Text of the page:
Folger’s Shakespeare Unlimited, #SuchStuff by the Globe Theatre, BBC’s In Our Time, Cult of Pedagogy, Ben Franklin’s World, Teaching Hard History, and all topics hosted by Roman Mars, Brené Brown, and Malcolm Gladwell.  

What YouTube channels do you subscribe to?
Primitive Technology, Brave Wilderness, Dude Perfect, PBS NewsHour, Frontline PBS, Mark Rober, Crash Course, Crash Course Black American History, Playing For Change, and Shakespeare’s Globe.  

Who do you follow on Instagram?
Booker Prize Foundation, Witness Stones Project, Edutopia, and NCTE, The National Council of Teachers of English.  

Who is your favorite artist?
I find it challenging to select one because I love so many, yet it was fun to learn alongside my senior seminar a few years back about Suffield Academy’s alumnus, Willis Seaver Adams, whose Connecticut River Valley landscape complements the great collection of paintings in Cone Lounge.  

What is something your Suffield Academy family might not know about you?
During the winter and early spring of 1986, I was a bike messenger in San Francisco.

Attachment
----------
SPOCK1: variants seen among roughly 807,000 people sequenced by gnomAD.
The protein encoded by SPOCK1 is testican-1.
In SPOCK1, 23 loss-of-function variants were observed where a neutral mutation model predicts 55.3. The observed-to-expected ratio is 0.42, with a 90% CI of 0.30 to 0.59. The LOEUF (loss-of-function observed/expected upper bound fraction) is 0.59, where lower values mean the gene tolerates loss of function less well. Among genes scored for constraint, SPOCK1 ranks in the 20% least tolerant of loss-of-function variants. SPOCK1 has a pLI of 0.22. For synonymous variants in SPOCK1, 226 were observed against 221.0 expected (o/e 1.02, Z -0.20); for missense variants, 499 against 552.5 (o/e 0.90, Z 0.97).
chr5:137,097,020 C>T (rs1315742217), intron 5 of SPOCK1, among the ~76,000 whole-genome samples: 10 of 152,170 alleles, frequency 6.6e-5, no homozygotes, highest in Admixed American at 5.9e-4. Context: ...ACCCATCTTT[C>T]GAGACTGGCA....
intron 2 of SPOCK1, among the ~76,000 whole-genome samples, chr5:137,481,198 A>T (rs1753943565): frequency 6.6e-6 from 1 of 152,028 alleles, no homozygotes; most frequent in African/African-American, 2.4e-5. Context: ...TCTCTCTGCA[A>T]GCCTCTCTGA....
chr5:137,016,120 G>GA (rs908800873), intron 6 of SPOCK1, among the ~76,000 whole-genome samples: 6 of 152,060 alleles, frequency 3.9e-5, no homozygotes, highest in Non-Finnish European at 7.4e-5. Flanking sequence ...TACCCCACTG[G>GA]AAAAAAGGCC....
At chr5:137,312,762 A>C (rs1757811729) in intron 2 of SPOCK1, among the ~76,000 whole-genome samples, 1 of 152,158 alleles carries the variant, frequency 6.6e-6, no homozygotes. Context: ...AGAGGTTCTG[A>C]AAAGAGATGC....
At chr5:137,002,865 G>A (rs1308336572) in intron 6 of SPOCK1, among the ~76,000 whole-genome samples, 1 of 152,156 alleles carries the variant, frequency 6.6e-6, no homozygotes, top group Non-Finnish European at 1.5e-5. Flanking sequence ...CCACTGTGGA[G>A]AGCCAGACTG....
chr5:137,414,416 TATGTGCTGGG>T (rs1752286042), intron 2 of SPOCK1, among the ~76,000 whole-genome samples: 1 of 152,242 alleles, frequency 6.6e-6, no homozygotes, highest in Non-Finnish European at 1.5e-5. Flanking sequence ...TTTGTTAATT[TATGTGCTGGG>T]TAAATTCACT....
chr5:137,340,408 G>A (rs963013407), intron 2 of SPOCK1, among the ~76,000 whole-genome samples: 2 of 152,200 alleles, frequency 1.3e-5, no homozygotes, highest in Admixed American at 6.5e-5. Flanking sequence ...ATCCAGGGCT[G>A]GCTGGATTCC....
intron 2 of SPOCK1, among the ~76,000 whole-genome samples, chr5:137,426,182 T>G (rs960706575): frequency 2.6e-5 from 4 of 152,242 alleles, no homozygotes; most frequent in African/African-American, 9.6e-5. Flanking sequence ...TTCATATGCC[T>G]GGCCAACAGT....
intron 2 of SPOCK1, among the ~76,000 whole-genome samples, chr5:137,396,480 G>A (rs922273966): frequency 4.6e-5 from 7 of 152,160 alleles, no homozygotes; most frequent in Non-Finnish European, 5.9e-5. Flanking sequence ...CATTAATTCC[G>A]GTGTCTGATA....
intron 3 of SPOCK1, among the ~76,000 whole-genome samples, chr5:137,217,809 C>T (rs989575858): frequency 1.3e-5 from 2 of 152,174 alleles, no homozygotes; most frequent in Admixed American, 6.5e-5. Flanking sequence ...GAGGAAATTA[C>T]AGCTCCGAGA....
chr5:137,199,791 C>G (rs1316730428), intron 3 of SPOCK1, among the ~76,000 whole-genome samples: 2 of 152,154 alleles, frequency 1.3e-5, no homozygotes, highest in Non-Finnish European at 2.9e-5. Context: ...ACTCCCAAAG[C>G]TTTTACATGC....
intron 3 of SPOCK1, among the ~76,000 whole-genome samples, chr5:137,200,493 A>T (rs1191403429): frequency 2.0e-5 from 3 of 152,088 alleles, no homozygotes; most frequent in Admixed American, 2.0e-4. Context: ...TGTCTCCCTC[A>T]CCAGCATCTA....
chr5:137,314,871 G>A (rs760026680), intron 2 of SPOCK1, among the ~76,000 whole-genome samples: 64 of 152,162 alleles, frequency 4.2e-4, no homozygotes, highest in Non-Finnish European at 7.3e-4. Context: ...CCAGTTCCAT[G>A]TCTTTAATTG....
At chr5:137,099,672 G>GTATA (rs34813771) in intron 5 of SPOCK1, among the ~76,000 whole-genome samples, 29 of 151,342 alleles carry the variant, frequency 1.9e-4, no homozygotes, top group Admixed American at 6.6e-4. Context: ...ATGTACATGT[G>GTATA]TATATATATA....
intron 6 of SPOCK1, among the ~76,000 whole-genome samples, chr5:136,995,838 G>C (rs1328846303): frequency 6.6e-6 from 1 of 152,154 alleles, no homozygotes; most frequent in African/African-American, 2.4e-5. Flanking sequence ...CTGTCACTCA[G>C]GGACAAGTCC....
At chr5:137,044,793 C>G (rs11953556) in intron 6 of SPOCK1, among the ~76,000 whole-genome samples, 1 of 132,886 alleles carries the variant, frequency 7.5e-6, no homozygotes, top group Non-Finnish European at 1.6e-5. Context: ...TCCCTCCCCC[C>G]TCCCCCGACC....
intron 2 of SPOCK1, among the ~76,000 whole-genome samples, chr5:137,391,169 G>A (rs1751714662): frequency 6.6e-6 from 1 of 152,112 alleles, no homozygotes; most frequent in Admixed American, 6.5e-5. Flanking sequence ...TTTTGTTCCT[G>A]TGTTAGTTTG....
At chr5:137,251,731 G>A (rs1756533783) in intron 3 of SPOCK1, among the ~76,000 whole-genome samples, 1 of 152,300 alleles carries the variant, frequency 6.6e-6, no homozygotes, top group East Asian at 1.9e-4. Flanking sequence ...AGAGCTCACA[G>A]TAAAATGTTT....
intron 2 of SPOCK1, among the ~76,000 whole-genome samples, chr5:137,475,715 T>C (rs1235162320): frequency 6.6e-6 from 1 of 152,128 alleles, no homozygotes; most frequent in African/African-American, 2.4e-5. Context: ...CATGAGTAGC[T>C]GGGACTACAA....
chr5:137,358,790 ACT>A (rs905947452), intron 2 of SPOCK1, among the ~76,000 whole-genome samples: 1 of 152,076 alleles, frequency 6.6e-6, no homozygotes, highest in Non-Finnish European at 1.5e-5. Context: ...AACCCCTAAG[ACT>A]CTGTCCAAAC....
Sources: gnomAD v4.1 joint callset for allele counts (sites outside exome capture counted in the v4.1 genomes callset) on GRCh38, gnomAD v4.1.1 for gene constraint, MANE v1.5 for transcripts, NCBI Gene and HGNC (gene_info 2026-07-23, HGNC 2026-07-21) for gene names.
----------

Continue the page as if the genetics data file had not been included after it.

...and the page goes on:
What is your favorite book?
The one in my hands right now! While I have too many titles for a favorite list, per se, I do like to read my current book with the prospect that it will become a treasured text. Currently, I am enjoying my Summer Reading nominated text, Borderland Blacks: Two Cities in the Niagara Region During the Final Decades of Slavery. Professor Broyld’s new insights appreciate this dynamic geographic zone, where the cultures and interests of the United States, Canada, Great Britain, and the African Diaspora overlapped. This year’s American Studies students discovered that two enslaved people left Suffield in 1798 and became key players Rochester’s Underground Railroad community. I am also looking forward to “The Booker Dozen,” the twelve or thirteen books that will be announced on August 1, 2023, as the traditional prelude to the Booker Prize winner, which will be announced on November 26, 2023. 

What is the one phrase that you live by?
Appreciate the process.   

What is something you believe one can never over-invest in?